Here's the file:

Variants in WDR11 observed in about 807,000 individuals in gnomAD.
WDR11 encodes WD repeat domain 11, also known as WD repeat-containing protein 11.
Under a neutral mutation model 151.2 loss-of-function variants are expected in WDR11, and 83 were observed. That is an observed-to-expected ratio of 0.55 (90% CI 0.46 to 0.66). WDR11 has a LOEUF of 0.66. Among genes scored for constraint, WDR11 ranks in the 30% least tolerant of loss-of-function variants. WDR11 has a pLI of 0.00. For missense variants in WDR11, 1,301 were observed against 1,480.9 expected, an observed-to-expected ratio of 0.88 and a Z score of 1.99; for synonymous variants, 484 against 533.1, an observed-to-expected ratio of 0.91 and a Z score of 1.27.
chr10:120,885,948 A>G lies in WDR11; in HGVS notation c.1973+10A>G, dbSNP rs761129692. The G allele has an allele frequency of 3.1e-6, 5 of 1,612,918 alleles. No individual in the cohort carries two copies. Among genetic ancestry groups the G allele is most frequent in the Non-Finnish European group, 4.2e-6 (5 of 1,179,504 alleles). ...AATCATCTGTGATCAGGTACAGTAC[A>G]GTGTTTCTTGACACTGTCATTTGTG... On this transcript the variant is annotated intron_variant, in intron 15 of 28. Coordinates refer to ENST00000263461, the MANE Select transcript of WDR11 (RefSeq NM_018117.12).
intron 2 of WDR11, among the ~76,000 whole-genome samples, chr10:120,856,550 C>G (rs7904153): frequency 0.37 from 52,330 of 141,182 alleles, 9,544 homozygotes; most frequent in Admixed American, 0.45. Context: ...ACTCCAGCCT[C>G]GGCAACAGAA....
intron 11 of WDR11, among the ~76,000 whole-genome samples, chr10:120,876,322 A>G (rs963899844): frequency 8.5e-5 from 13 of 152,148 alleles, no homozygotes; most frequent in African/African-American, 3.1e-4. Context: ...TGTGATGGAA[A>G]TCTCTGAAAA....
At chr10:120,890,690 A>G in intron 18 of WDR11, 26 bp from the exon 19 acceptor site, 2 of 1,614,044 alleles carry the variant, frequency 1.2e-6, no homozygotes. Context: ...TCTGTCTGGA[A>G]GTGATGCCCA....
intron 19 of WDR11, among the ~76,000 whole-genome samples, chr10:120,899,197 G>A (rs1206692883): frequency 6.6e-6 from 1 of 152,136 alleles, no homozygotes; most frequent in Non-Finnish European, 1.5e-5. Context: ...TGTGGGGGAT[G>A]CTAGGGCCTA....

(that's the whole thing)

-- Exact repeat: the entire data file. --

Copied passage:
Variants in WDR11 observed in about 807,000 individuals in gnomAD.
WDR11 encodes WD repeat domain 11, also known as WD repeat-containing protein 11.
Under a neutral mutation model 151.2 loss-of-function variants are expected in WDR11, and 83 were observed. That is an observed-to-expected ratio of 0.55 (90% CI 0.46 to 0.66). WDR11 has a LOEUF of 0.66. Among genes scored for constraint, WDR11 ranks in the 30% least tolerant of loss-of-function variants. WDR11 has a pLI of 0.00. For missense variants in WDR11, 1,301 were observed against 1,480.9 expected, an observed-to-expected ratio of 0.88 and a Z score of 1.99; for synonymous variants, 484 against 533.1, an observed-to-expected ratio of 0.91 and a Z score of 1.27.
chr10:120,885,948 A>G lies in WDR11; in HGVS notation c.1973+10A>G, dbSNP rs761129692. The G allele has an allele frequency of 3.1e-6, 5 of 1,612,918 alleles. No individual in the cohort carries two copies. Among genetic ancestry groups the G allele is most frequent in the Non-Finnish European group, 4.2e-6 (5 of 1,179,504 alleles). ...AATCATCTGTGATCAGGTACAGTAC[A>G]GTGTTTCTTGACACTGTCATTTGTG... On this transcript the variant is annotated intron_variant, in intron 15 of 28. Coordinates refer to ENST00000263461, the MANE Select transcript of WDR11 (RefSeq NM_018117.12).
intron 2 of WDR11, among the ~76,000 whole-genome samples, chr10:120,856,550 C>G (rs7904153): frequency 0.37 from 52,330 of 141,182 alleles, 9,544 homozygotes; most frequent in Admixed American, 0.45. Context: ...ACTCCAGCCT[C>G]GGCAACAGAA....
intron 11 of WDR11, among the ~76,000 whole-genome samples, chr10:120,876,322 A>G (rs963899844): frequency 8.5e-5 from 13 of 152,148 alleles, no homozygotes; most frequent in African/African-American, 3.1e-4. Context: ...TGTGATGGAA[A>G]TCTCTGAAAA....
At chr10:120,890,690 A>G in intron 18 of WDR11, 26 bp from the exon 19 acceptor site, 2 of 1,614,044 alleles carry the variant, frequency 1.2e-6, no homozygotes. Context: ...TCTGTCTGGA[A>G]GTGATGCCCA....
intron 19 of WDR11, among the ~76,000 whole-genome samples, chr10:120,899,197 G>A (rs1206692883): frequency 6.6e-6 from 1 of 152,136 alleles, no homozygotes; most frequent in Non-Finnish European, 1.5e-5. Context: ...TGTGGGGGAT[G>A]CTAGGGCCTA....